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Exclusive: My work as a beekeeper comes from a deep caring and concern for the fragility of the honeybees’ population, says Mr Bees Africa Founder Kunihira Stephen

As people are turning towards healthier food options, the demand for organic honey is also on the rise, thereby giving a golden opportunity to entrepreneurs to enter the profitable and eco-friendly occupation of apiculture.

In an exclusive conversation with Agrigate Global, Kunihira Stephen, who is also known as Mr Bees, shared his insightful sights on the business of bee-keeping.

Mr Kunihira is the founder and CEO of Mr Bees Africa Ltd that is located in Uganda. Stephen also works as a consultant on hive health for troubled colonies and concerned beekeepers. At present, Mr Kunihira is also serving on the Board of Directors for Source of The Nile Beekeepers Consortium Limited.

Excerpts from the interview:

Q. Tell us about your experience in keeping bees so far.

I have been tending my own hives in Uganda over the last 8 years, using my naturalist and biodynamic approach.

My work as a beekeeper comes from a deep caring and concern for the fragility of the honeybees’ population, and profound respect for the structure of their collective lives and their impact on the health of Mother Earth. My goals are focused on the wellbeing of the colonies I nurture, and through teaching others, I’ve raised the awareness of and caring for these amazing creatures.

My naturalist and biodynamic methods, and hive designs have developed from my years of working with and listening to, Honeybees, as well as having studied many beekeeping courses.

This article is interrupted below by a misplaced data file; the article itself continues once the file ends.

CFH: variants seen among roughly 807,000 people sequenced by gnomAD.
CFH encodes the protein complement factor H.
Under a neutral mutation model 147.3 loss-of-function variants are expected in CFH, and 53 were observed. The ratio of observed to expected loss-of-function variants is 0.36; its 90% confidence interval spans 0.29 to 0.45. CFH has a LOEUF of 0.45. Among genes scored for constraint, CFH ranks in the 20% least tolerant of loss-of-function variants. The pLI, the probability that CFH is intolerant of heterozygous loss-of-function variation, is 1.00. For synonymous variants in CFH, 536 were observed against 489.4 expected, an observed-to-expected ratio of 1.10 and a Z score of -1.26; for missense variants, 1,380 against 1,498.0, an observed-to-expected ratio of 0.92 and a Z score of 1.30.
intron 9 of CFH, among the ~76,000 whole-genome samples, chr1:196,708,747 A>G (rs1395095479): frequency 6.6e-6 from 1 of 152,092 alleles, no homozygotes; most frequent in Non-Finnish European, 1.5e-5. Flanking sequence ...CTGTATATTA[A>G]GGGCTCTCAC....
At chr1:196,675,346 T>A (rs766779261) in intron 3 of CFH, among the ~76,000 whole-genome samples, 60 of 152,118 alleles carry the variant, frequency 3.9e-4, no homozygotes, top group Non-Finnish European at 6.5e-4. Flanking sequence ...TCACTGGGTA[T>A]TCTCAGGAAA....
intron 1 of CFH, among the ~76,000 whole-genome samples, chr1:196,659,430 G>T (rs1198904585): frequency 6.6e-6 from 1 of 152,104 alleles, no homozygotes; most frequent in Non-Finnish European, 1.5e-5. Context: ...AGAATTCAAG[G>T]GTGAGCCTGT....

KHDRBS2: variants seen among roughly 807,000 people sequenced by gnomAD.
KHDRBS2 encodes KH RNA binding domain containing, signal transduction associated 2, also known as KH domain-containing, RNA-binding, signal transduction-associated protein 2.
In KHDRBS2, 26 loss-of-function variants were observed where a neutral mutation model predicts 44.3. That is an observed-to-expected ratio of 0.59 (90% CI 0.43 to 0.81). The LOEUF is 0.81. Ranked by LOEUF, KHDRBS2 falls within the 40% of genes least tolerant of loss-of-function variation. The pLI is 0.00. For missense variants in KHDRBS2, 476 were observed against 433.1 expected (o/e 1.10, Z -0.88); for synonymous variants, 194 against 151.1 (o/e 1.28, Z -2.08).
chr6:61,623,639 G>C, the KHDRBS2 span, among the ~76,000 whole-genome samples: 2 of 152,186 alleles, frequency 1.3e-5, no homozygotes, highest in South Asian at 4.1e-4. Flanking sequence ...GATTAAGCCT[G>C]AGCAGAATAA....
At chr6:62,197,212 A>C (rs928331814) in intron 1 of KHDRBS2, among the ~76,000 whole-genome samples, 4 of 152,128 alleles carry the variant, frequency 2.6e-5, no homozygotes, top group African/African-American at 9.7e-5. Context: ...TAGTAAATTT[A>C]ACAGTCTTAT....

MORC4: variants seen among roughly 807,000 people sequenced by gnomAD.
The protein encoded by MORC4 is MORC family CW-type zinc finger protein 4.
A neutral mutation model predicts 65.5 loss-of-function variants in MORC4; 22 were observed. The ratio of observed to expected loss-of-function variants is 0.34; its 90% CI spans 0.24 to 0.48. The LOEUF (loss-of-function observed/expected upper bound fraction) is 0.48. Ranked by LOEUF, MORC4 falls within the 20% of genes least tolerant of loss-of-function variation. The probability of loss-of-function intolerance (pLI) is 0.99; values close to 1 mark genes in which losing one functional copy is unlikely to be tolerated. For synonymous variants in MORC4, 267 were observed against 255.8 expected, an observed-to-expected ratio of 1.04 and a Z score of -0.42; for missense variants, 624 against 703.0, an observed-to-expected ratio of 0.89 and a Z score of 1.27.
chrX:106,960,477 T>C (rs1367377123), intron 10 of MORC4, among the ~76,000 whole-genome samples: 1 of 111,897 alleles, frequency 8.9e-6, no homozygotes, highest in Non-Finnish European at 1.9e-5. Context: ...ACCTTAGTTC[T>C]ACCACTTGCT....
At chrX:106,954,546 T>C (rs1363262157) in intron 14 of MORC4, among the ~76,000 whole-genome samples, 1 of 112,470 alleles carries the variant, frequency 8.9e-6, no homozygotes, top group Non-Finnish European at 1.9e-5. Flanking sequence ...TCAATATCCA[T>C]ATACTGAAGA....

Honeybee lives’ in-depth workshops nurture beginning beekeepers and encourage veteran beekeepers to adopt a naturalist approach, that’s why I chose this route.

Q. Would you recommend beekeeping as an alternative/additional source of income for traditional farmers?

Beekeeping doesn’t cost much to start since, in most places worldwide, bees are free of charge.

Bees are pretty well independent species that work on their own as they’re a source of food like honey, pollen, royal jelly, and the products from bees are a source of money and have a ready market. Bees give flowers a boost through pollination, thereby increasing the crop yields and sustainability of nature. Keeping bees, in fact, is one of the best ways of saving the bees and nature conservation.

Also, beekeeping is for everyone, not gender segregative i.e. both men and women can do. Even children, the elderly and the disabled can start this initiative.

The products from beekeeping are a great source of medicine and immunity-boosters as well.

Q. What is your advice for beginners?

One of the most important things to do before starting beekeeping is to sort out the important decisions from the less important decisions. If you pay attention to the rest of this, you’ll see hardly anything.

I would like to point out that there are many things in beekeeping practices that you can easily change as you go along. There is no point stressing out over these things. There are other things in beekeeping that are a crucial investment and are difficult to change later.

First and foremost, start by picking a book on honeybees, their evolution and behaviour, learn to work with bees first in your head and then practice.